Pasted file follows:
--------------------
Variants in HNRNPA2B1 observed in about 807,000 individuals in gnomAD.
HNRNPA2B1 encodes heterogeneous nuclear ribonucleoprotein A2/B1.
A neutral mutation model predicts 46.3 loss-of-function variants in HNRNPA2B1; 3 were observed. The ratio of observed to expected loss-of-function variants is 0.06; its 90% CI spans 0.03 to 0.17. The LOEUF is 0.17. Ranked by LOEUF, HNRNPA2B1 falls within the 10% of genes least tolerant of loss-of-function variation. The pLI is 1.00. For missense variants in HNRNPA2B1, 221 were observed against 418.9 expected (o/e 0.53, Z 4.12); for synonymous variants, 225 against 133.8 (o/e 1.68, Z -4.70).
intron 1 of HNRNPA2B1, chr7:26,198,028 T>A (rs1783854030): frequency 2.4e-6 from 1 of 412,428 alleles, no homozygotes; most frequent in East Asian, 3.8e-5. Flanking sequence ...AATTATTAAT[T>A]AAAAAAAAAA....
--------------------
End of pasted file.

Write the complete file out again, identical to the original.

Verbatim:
Variants in HNRNPA2B1 observed in about 807,000 individuals in gnomAD.
HNRNPA2B1 encodes heterogeneous nuclear ribonucleoprotein A2/B1.
A neutral mutation model predicts 46.3 loss-of-function variants in HNRNPA2B1; 3 were observed. The ratio of observed to expected loss-of-function variants is 0.06; its 90% CI spans 0.03 to 0.17. The LOEUF is 0.17. Ranked by LOEUF, HNRNPA2B1 falls within the 10% of genes least tolerant of loss-of-function variation. The pLI is 1.00. For missense variants in HNRNPA2B1, 221 were observed against 418.9 expected (o/e 0.53, Z 4.12); for synonymous variants, 225 against 133.8 (o/e 1.68, Z -4.70).
intron 1 of HNRNPA2B1, chr7:26,198,028 T>A (rs1783854030): frequency 2.4e-6 from 1 of 412,428 alleles, no homozygotes; most frequent in East Asian, 3.8e-5. Flanking sequence ...AATTATTAAT[T>A]AAAAAAAAAA....